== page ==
Sixin Liao, Macquarie University (Australia)
Jan-Louis Kruger, Macquarie University (Australia)


Erik Reichle, Macquarie University (Australia)
Lili Yu, Macquarie University (Australia)


Subtitle reading is different from normal reading of static texts in many ways. Apart from having no control over the presentation pace of the text, viewers need to read subtitles while having to process other sources of information from different channels, including the image and on-screen dynamic texts (i.e., subtitles) from the visual channel, and spoken dialogue from the auditory channel. As these sources of information often convey similar or identical content, they are at times redundant to each other in varying degrees. These redundancies between the different modes could have a significant impact on the way viewers prioritize, organize and integrate information. Subtitle processing could be affected by whether or not the subtitles are in the same language as the dialogue and the degree to which the viewer understands the language in the subtitles or dialogue. For instance, there may be a difference between processing subtitles in the first language when the dialogue is also in the first language than when the dialogue is in the second language.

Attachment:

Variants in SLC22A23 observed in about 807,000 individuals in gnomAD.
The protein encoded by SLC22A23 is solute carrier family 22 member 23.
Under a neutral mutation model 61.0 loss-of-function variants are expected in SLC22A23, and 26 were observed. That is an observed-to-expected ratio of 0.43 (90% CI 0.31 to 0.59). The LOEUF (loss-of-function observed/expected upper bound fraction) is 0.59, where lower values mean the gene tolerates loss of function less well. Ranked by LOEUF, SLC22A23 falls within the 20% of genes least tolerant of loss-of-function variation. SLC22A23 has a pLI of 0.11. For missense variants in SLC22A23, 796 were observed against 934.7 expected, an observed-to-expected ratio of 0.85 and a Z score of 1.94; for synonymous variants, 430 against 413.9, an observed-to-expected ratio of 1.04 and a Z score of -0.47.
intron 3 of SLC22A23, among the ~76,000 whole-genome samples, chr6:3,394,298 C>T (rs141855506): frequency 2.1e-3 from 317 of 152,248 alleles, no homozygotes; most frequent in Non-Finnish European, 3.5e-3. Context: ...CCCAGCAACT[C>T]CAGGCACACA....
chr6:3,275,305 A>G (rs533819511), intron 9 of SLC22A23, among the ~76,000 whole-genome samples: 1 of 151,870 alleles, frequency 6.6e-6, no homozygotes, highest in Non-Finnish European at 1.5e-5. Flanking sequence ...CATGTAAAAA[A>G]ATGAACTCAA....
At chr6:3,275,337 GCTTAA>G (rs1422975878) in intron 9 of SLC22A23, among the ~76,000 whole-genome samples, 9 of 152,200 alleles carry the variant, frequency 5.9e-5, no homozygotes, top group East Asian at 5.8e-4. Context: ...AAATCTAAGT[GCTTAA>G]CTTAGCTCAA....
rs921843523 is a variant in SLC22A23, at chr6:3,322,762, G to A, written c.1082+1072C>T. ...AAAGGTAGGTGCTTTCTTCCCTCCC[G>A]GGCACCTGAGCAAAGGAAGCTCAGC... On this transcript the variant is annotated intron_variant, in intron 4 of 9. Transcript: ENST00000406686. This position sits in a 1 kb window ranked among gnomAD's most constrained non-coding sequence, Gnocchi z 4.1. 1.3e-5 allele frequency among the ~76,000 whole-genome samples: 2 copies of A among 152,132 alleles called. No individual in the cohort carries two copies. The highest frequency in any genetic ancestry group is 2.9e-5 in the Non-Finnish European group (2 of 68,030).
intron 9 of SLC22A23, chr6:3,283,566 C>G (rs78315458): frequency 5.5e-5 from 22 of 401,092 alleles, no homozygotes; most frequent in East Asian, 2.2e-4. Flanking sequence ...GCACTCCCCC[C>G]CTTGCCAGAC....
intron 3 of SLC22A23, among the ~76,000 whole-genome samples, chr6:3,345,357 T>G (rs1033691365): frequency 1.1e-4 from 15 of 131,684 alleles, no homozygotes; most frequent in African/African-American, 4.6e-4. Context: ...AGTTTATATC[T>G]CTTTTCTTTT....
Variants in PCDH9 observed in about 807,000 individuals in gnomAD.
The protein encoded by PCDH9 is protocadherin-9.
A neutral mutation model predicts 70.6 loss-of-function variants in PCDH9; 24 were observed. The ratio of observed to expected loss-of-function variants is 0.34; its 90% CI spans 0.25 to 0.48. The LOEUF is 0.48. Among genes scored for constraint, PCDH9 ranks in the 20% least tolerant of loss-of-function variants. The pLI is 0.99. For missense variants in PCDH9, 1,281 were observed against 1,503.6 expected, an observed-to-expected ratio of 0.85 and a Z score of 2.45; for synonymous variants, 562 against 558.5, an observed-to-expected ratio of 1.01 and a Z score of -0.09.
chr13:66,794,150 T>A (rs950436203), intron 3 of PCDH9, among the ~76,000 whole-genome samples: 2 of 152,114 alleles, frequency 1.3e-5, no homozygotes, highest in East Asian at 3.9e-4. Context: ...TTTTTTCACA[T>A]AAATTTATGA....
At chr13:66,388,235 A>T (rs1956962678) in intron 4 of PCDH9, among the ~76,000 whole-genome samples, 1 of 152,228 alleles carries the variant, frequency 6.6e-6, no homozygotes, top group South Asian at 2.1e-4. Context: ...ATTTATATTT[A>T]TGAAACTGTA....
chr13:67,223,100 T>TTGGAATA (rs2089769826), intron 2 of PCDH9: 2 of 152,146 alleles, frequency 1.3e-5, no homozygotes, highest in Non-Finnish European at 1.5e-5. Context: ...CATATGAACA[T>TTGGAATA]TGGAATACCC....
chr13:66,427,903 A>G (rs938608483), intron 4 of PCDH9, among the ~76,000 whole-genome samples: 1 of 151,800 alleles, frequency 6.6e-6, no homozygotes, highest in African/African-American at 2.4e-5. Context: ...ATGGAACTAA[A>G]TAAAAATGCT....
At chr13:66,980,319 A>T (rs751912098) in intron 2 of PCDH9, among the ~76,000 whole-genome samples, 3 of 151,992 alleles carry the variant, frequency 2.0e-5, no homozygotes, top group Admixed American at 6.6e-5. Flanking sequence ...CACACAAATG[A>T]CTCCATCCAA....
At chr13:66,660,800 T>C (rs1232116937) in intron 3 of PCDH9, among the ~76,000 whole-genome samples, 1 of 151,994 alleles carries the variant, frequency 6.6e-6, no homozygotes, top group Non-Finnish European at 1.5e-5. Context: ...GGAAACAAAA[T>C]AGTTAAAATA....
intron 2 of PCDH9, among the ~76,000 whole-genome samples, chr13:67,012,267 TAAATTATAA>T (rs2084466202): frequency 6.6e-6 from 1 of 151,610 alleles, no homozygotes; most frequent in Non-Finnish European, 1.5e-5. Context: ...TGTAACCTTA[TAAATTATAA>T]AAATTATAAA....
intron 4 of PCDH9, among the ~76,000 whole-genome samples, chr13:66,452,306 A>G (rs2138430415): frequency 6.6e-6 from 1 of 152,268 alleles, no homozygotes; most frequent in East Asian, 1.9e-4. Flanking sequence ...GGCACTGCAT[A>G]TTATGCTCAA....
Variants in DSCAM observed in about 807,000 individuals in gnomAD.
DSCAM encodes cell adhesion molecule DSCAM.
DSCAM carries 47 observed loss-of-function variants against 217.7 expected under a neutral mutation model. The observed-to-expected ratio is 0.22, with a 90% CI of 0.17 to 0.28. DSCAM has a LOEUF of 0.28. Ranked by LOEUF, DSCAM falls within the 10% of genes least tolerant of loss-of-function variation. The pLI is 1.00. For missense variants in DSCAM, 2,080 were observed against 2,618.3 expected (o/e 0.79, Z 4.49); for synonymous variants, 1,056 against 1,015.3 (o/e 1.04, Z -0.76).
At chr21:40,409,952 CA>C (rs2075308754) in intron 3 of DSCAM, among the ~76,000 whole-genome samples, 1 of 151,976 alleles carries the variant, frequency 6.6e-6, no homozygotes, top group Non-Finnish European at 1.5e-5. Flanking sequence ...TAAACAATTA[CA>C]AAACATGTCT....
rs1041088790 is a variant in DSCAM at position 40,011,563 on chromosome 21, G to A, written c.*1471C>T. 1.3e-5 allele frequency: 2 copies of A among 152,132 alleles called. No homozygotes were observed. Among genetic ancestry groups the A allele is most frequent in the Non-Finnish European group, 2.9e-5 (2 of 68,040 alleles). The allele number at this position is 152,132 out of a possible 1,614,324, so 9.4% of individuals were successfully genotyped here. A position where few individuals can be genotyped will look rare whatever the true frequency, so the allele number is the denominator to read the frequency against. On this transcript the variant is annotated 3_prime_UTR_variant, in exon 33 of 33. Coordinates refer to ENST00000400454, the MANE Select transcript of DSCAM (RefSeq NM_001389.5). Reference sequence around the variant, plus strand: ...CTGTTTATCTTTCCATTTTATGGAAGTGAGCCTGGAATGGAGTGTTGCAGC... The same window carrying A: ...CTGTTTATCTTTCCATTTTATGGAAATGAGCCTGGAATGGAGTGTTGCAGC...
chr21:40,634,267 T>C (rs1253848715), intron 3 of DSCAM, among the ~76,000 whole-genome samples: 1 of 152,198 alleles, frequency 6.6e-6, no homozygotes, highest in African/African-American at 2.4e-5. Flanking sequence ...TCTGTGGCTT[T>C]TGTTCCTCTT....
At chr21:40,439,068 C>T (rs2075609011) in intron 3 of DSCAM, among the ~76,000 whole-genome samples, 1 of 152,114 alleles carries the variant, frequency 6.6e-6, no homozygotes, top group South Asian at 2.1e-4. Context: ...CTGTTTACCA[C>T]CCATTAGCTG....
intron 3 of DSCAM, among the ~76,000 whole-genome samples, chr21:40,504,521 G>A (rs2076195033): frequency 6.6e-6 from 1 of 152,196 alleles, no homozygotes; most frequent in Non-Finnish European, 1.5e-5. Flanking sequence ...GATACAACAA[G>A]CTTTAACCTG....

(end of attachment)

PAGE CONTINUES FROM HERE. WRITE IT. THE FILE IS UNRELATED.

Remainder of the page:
This study therefore sets out to investigate how different degrees of redundancy generated by information in different modalities (audio vs. visual) and languages (native language/L1 vs. second language/L2) could impact on subtitle reading patterns.  The study has the following research questions: 

R1: What is the impact of the presence or absence of L1 audio on the processing of L1 or L2 subtitles? 

R2: What is the impact of the presence or absence of L2 audio on the processing of L1 or L2 subtitles?

To address these questions, thirty Chinese native speakers who use English as their second language were recruited to participate in an eye tracking experiment. This is a 2 (Subtitle language: Chinese, English) by 3 (Audio type: Chinese, English, No Audio) experimental design, with the No Audio conditions being the baseline. In other words, each participant watched 6 videos while their eye movements were recorded: Chinese subtitles only, English subtitles only, Chinese subtitles and Chinese audio, Chinese subtitles and English audio, English subtitles and Chinese audio, and English subtitles and English audio. After watching each video, they were asked to complete a multiple-choice comprehension test. Linear Mixed Models (LMMs) were used to analyse research data. We looked at global sentence reading and local word-based measures such as reading times, fixation duration, forward saccade length, number of fixations, regressions, etc., as well as the word-frequency effect to examine the impact of language and mode on subtitle processing.



Subtitle processing, cognitive load, multiple redundancies, multimedia learning